Helping students relax and interact is one of the most important aspects of classroom management. If the students are nervous, they’ll be reluctant to practice spoken English and so won’t learn as much. It’s also quite possible that they will find English class unpleasant and stop attending. It is therefore essential that the teacher learn to make people comfortable in class. This especially goes for speaking activities.
SEE ALSO: Approaches to Teaching Pronunciation
As crazy as it sounds, sometimes students are reluctant to practice spoken English because it’s too quiet in the classroom. This is especially true for speaking activities that are done in pairs. Students are afraid everyone else will hear them speak, so they either whisper or don’t speak at all. Believe it or not, one approach to overcoming this problem is to play music during speaking activities. It only has to be loud enough to break up the icy silence in the room. It is for this very reason that music is played in elevators, and “elevator music” is what I recommend. Music with words is probably best avoided.
Help students get to know each other
It’s an obvious fact that people tend to open up more once they’ve gotten to know each other. Everyone is quiet around new people, so students should have an opportunity to get acquainted before they are thrust into demanding speaking activities. There are certain games and activities that are designed for this purpose and used by ESL instructors. These are especially a good idea on the first day of class with a new group.
Avoid certain combinations of students
In various countries, there are religious and cultural circumstances that define how students are expected to interact among themselves. In such cultures, the interactions between men and women function differently. This is particularly true of older men interacting with young women. It’s not a rare case that both interlocutors freeze up and are reluctant to speak. The only foolproof solution to this kind of problem is to avoid putting these people together in the same class. However, if that is not possible, it might help to change the seating. This type of problem is not limited to the Middle East, as some might think; it can occur anywhere.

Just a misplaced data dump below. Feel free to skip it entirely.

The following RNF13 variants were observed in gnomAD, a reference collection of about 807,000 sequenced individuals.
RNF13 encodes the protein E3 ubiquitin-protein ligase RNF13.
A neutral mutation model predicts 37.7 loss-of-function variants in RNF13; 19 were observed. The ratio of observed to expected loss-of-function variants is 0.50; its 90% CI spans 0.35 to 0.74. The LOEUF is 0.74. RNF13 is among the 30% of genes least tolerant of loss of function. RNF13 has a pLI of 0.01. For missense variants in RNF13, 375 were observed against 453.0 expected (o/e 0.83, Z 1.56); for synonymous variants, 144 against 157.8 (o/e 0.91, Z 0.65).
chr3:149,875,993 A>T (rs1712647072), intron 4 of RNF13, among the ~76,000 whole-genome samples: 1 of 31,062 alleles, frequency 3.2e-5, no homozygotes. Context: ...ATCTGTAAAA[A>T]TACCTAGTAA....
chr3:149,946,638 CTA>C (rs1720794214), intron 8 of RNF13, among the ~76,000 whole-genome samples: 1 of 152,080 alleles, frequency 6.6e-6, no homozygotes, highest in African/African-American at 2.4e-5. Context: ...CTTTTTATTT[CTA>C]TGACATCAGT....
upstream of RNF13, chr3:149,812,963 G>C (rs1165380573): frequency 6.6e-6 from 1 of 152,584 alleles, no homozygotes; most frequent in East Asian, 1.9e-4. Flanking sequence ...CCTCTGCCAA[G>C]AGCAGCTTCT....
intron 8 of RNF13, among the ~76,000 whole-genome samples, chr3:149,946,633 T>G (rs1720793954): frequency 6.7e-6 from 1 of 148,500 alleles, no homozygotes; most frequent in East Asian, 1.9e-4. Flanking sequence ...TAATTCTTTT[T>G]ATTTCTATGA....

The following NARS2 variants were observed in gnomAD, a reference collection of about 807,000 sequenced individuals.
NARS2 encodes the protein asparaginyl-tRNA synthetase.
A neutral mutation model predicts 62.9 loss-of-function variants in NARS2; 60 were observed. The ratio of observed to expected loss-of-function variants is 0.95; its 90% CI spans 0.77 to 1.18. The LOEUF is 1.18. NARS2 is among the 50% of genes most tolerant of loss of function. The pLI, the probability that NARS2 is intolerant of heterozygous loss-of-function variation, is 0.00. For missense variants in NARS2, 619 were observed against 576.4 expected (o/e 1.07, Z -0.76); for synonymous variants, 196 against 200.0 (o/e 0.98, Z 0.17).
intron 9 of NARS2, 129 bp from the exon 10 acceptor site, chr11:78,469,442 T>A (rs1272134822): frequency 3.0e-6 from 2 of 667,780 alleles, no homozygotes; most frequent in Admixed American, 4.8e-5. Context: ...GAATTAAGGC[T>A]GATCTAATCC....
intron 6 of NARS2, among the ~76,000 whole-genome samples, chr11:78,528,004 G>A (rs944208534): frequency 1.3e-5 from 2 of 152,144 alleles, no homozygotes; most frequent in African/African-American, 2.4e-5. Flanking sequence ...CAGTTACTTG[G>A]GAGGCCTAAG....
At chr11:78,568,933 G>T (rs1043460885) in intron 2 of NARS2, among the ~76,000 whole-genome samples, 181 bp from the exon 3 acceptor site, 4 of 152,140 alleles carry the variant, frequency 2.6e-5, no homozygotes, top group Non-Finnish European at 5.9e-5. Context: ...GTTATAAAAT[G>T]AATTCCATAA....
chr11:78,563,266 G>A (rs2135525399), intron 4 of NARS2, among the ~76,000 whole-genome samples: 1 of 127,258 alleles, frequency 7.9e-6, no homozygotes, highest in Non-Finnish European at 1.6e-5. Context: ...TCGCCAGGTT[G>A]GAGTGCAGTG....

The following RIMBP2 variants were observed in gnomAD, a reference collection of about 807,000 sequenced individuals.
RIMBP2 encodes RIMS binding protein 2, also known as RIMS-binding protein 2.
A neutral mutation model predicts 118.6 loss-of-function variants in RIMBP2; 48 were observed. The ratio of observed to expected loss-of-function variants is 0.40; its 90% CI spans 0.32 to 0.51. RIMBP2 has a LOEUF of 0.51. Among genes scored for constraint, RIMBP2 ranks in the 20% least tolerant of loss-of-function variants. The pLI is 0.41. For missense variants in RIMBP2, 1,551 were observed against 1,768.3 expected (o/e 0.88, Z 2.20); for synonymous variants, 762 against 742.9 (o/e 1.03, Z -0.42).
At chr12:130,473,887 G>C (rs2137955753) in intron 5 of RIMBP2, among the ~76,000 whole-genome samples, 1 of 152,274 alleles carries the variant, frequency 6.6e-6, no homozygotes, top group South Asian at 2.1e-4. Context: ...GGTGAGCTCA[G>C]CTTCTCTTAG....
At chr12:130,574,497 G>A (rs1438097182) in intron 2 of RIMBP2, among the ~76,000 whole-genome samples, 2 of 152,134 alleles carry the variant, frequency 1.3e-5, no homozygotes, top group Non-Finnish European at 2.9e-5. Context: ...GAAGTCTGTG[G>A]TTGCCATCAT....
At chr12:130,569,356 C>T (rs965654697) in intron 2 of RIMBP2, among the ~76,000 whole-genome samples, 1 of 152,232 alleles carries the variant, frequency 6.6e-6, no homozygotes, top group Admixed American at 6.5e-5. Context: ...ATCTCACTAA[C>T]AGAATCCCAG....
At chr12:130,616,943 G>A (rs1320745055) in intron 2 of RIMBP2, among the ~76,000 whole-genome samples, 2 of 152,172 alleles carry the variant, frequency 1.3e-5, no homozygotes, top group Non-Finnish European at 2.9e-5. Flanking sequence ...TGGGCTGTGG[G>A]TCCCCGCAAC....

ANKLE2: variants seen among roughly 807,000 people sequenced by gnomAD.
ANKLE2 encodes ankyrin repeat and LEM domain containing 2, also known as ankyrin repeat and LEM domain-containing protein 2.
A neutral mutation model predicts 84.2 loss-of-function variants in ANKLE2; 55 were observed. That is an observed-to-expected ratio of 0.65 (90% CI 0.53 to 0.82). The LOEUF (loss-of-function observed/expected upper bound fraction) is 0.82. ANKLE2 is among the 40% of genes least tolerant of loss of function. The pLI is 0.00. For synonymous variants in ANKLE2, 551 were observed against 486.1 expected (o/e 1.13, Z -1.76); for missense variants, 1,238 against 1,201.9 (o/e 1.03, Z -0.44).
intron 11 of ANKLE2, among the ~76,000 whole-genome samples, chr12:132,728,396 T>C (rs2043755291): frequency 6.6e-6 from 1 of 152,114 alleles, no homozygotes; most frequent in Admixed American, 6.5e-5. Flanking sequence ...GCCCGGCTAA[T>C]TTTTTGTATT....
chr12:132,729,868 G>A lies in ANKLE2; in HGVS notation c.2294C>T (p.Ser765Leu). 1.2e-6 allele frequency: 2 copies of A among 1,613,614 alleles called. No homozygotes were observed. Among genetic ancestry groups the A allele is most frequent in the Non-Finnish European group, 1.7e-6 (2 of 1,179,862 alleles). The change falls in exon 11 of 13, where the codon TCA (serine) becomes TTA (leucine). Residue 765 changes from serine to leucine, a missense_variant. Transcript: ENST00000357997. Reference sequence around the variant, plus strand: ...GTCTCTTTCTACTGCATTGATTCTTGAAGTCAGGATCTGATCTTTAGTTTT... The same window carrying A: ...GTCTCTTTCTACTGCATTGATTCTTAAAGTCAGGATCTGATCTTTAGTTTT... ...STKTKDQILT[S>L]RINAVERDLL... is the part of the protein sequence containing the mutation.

Be mindful of the students’ native education systems
A student’s educational background might influence classroom participation. The educational system they went through before starting to learn English can have a significant effect on the amount of speaking that goes on in the classroom. For example, in certain parts of the Arab world, the teacher is the all-knowing master of the classroom (sort of like a university lecturer), and student participation is limited. Students might therefore not be used to participating. One way to avoid this kind of problem is to arrange the seats in a semicircle so that they can see each other’s faces and not feel they are just supposed to listen. Having students work together in pairs is also helpful.
Having in mind the educational and cultural background of the students you’re working with, it’s best to develop specific classroom management strategies for various situations. It is essential that the students feel as comfortable as possible so they’ll be happier to participate in speaking activities. This participation further leads to developing their oral skills and enables better overall language performance.
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